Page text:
Parents vs. Facebook and Graphic Content

Do you trust Facebook to censor the content that your kids are looking at? You shouldn’t.

Screen Shot 2013-10-28 at 10.24.06 AMEven though Facebook welcomes minors as young as 13 years of age, and looks the other way if an even younger user starts an account, Facebook is only in the censorship game when it suits their interests.

Consider the strange flip-flop that the social network did this month when it came to the question of whether users could post video footage of beheadings. In July of this year, Facebook implemented an earlier-announced ban on videos of beheadings, and that ban stayed in effect until last week.

According to the current Facebook Community Standards:

Facebook has long been a place where people turn to share their experiences and raise awareness about issues important to them. Sometimes, those experiences and issues involve graphic content that is of public interest or concern, such as human rights abuses or acts of terrorism. In many instances, when people share this type of content, it is to condemn it. However, graphic images shared for sadistic effect or to celebrate or glorify violence have no place on our site.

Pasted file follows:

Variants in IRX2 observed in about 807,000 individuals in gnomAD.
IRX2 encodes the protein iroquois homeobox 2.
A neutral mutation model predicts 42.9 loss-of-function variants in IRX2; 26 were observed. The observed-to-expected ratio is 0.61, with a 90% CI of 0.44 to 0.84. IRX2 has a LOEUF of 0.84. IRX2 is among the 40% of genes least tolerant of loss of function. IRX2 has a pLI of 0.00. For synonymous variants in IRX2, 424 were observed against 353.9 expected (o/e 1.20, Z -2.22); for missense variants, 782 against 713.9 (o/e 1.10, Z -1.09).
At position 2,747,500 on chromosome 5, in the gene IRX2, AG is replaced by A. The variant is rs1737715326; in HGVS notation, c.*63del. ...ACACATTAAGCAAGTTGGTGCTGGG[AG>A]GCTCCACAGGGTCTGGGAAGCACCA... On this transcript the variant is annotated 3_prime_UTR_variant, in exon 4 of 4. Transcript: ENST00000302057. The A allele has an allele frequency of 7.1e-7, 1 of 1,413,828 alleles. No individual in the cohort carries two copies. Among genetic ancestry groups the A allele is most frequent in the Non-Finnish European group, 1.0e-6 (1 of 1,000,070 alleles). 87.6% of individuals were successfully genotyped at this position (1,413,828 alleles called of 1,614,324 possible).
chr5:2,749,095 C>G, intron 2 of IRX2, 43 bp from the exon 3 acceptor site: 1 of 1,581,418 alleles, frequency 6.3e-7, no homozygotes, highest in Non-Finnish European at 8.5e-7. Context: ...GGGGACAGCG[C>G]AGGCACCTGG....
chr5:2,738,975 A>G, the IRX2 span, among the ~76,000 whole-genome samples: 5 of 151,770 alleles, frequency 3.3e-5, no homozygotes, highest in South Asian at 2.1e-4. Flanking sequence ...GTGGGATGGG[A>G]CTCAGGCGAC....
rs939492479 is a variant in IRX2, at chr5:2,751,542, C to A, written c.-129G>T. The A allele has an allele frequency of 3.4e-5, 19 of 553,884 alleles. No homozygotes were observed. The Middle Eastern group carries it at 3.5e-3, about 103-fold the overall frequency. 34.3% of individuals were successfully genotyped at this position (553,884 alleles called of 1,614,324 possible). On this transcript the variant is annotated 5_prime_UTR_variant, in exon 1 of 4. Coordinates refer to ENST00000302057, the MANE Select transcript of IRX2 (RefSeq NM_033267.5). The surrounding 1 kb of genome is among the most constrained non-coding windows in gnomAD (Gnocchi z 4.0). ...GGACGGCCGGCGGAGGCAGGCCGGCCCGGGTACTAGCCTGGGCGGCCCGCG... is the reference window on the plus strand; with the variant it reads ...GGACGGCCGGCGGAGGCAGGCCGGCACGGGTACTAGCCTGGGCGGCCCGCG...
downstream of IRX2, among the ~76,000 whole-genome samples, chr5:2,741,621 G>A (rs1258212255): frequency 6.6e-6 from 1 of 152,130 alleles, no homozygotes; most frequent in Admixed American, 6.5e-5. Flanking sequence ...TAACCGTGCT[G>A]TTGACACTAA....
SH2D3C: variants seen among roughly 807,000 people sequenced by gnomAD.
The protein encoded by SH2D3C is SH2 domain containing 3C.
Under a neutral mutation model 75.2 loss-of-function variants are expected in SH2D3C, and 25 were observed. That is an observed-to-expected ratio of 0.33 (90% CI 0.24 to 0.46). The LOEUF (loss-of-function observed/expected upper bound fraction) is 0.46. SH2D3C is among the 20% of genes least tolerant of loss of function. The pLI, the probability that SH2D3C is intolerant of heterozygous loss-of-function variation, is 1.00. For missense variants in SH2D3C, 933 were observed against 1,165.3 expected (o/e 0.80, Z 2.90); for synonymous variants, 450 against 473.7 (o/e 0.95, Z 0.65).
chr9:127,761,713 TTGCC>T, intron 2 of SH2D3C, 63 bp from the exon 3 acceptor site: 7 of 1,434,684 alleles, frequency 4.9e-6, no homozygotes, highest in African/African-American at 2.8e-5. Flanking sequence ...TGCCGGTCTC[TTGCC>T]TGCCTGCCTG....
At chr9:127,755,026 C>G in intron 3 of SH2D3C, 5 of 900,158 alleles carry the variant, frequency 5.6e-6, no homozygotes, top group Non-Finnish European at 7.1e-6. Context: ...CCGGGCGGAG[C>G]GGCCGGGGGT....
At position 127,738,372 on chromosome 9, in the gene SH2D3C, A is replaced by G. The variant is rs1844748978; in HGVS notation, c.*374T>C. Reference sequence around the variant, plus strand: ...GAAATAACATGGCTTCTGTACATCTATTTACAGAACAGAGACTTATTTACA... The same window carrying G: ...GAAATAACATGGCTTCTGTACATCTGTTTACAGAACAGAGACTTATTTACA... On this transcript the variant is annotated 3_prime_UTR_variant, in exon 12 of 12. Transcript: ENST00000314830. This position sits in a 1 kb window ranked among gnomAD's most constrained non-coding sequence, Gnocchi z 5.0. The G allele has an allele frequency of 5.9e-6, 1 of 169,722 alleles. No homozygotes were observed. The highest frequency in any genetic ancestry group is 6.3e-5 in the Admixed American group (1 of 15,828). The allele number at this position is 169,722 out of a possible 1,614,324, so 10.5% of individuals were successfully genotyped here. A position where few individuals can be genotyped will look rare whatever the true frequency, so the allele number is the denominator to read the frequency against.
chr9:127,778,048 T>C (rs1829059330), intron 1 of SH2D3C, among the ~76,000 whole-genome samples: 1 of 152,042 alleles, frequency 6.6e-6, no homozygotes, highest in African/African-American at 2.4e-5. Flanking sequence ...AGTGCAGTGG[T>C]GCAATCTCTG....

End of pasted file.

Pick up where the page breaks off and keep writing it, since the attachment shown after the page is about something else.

You can see that Facebook leaves themselves some wiggle room here. Last week, a user posted a video of a beheading that supposedly occurred in Mexico.

I can’t be sure of the poster’s intent or the context of the post, but according to Facebook standards, if it was posted to inform Facebook users of the horrors going down in Mexico, and users were warned that they would be seeing graphic content, it should have been allowed. Shortly after the video went up, Facebook admins chose to take it down, citing the following:

“…we have re-examined recent reports of graphic content and have concluded that this content improperly and irresponsibly glorifies violence. For this reason, we have removed it.”

Screen Shot 2013-10-28 at 5.19.01 AMSo, Facebook’s policy as it stands now is that it will allow some not-safe-for-kids content, but only until someone complains and then Facebook will review the poster’s intent and may take the content down. If that doesn’t sound like a foolproof system, it’s because it isn’t. And keep in mind that Facebook changes its policies frequently.

The public seems to be split on whether Facebook should allow graphic content, at least here in New Jersey. According to a poll by News 12 NJ, 35% of respondent think that Facebook users should be allowed to post and view freely.

As a parent, you probably use Facebook to connect with friends and family, and you may have never seen anything inappropriate on the site. You can’t be sure that your teen won’t. If you’re concerned that younger Facebook users will be exposed to explicit content, you should wait until they’re older to allow them to join.


Contact ThirdParent any time for help and resources for monitoring teen internet activity.

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